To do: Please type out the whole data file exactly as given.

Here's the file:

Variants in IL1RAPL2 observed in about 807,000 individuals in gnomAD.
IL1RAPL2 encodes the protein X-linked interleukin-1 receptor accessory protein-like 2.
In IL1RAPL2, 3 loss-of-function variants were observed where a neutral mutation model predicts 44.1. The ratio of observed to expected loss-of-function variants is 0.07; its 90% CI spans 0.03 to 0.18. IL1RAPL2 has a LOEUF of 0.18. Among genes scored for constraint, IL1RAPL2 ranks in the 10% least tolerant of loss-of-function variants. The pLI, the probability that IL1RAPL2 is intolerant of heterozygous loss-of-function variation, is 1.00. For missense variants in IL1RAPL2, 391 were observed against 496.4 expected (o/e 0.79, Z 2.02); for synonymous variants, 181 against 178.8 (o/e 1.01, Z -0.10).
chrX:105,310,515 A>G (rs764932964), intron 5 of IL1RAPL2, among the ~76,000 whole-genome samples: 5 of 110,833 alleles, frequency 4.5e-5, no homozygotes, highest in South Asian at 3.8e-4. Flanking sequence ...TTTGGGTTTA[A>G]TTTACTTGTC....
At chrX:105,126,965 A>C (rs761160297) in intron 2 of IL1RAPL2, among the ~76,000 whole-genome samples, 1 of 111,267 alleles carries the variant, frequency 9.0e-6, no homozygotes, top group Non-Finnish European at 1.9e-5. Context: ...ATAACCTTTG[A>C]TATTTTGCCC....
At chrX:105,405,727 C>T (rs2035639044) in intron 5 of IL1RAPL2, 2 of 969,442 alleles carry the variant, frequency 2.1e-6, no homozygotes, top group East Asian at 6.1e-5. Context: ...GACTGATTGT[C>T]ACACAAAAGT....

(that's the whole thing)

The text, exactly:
Variants in IL1RAPL2 observed in about 807,000 individuals in gnomAD.
IL1RAPL2 encodes the protein X-linked interleukin-1 receptor accessory protein-like 2.
In IL1RAPL2, 3 loss-of-function variants were observed where a neutral mutation model predicts 44.1. The ratio of observed to expected loss-of-function variants is 0.07; its 90% CI spans 0.03 to 0.18. IL1RAPL2 has a LOEUF of 0.18. Among genes scored for constraint, IL1RAPL2 ranks in the 10% least tolerant of loss-of-function variants. The pLI, the probability that IL1RAPL2 is intolerant of heterozygous loss-of-function variation, is 1.00. For missense variants in IL1RAPL2, 391 were observed against 496.4 expected (o/e 0.79, Z 2.02); for synonymous variants, 181 against 178.8 (o/e 1.01, Z -0.10).
chrX:105,310,515 A>G (rs764932964), intron 5 of IL1RAPL2, among the ~76,000 whole-genome samples: 5 of 110,833 alleles, frequency 4.5e-5, no homozygotes, highest in South Asian at 3.8e-4. Flanking sequence ...TTTGGGTTTA[A>G]TTTACTTGTC....
At chrX:105,126,965 A>C (rs761160297) in intron 2 of IL1RAPL2, among the ~76,000 whole-genome samples, 1 of 111,267 alleles carries the variant, frequency 9.0e-6, no homozygotes, top group Non-Finnish European at 1.9e-5. Context: ...ATAACCTTTG[A>C]TATTTTGCCC....
At chrX:105,405,727 C>T (rs2035639044) in intron 5 of IL1RAPL2, 2 of 969,442 alleles carry the variant, frequency 2.1e-6, no homozygotes, top group East Asian at 6.1e-5. Context: ...GACTGATTGT[C>T]ACACAAAAGT....